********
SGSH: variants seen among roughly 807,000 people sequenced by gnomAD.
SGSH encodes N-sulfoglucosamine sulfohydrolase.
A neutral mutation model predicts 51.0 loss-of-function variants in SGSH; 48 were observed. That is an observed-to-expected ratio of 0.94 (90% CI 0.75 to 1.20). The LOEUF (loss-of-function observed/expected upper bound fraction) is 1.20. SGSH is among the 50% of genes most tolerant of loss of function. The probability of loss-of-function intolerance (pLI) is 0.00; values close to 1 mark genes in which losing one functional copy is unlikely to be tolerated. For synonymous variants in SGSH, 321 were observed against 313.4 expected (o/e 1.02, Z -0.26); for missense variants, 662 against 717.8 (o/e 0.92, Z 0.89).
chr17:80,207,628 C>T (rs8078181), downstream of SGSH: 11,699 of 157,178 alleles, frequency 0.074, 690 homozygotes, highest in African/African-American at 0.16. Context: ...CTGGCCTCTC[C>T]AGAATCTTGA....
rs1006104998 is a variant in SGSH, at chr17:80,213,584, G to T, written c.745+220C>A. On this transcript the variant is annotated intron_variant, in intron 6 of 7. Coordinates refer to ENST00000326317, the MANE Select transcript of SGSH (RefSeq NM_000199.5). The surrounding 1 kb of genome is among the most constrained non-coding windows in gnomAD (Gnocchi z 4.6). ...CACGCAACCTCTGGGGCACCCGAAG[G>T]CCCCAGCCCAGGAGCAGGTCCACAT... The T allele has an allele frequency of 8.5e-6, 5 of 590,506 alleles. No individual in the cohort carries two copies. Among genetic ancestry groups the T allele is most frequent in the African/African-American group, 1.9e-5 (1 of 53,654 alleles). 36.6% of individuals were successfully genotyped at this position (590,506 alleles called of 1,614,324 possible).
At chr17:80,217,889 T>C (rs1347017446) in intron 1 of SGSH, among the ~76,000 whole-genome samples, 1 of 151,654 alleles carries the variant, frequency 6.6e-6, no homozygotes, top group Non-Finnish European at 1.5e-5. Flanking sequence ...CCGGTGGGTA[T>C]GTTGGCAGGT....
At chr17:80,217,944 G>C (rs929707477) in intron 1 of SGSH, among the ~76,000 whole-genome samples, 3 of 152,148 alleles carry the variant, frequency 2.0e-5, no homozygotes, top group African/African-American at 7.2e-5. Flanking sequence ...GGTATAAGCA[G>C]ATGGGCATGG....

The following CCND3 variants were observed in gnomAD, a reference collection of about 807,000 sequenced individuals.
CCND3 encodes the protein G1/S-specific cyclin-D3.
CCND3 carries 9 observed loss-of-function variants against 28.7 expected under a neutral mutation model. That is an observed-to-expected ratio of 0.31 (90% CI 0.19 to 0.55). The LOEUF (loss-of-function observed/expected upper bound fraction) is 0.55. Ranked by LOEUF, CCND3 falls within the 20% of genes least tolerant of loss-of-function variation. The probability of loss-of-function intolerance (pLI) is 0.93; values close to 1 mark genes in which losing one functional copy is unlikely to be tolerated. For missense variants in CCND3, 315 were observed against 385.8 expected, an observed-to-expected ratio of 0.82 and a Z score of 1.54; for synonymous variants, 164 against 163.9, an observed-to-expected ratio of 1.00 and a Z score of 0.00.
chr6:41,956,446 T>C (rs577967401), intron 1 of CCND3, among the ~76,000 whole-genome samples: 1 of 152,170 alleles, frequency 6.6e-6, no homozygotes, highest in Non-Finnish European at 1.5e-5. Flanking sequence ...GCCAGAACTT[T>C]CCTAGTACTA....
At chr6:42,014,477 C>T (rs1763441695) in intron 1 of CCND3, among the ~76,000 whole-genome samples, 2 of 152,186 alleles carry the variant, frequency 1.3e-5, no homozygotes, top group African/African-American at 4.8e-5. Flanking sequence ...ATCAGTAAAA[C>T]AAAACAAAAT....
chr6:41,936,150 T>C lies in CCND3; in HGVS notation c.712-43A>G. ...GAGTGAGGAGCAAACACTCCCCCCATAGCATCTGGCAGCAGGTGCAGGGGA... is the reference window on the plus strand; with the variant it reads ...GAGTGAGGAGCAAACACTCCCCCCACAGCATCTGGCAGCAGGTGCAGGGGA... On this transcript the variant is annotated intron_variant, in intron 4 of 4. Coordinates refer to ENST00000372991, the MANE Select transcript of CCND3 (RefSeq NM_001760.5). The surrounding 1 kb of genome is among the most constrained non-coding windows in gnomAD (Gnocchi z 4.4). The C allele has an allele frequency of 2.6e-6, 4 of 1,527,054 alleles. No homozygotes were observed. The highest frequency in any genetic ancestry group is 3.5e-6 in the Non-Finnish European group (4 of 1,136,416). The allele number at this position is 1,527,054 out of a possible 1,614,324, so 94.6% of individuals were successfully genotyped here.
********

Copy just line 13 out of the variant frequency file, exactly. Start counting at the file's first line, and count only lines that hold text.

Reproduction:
chr6:41,936,150 T>C lies in CCND3; in HGVS notation c.712-43A>G. ...GAGTGAGGAGCAAACACTCCCCCCATAGCATCTGGCAGCAGGTGCAGGGGA... is the reference window on the plus strand; with the variant it reads ...GAGTGAGGAGCAAACACTCCCCCCACAGCATCTGGCAGCAGGTGCAGGGGA... On this transcript the variant is annotated intron_variant, in intron 4 of 4. Coordinates refer to ENST00000372991, the MANE Select transcript of CCND3 (RefSeq NM_001760.5). The surrounding 1 kb of genome is among the most constrained non-coding windows in gnomAD (Gnocchi z 4.4). The C allele has an allele frequency of 2.6e-6, 4 of 1,527,054 alleles. No homozygotes were observed. The highest frequency in any genetic ancestry group is 3.5e-6 in the Non-Finnish European group (4 of 1,136,416). The allele number at this position is 1,527,054 out of a possible 1,614,324, so 94.6% of individuals were successfully genotyped here.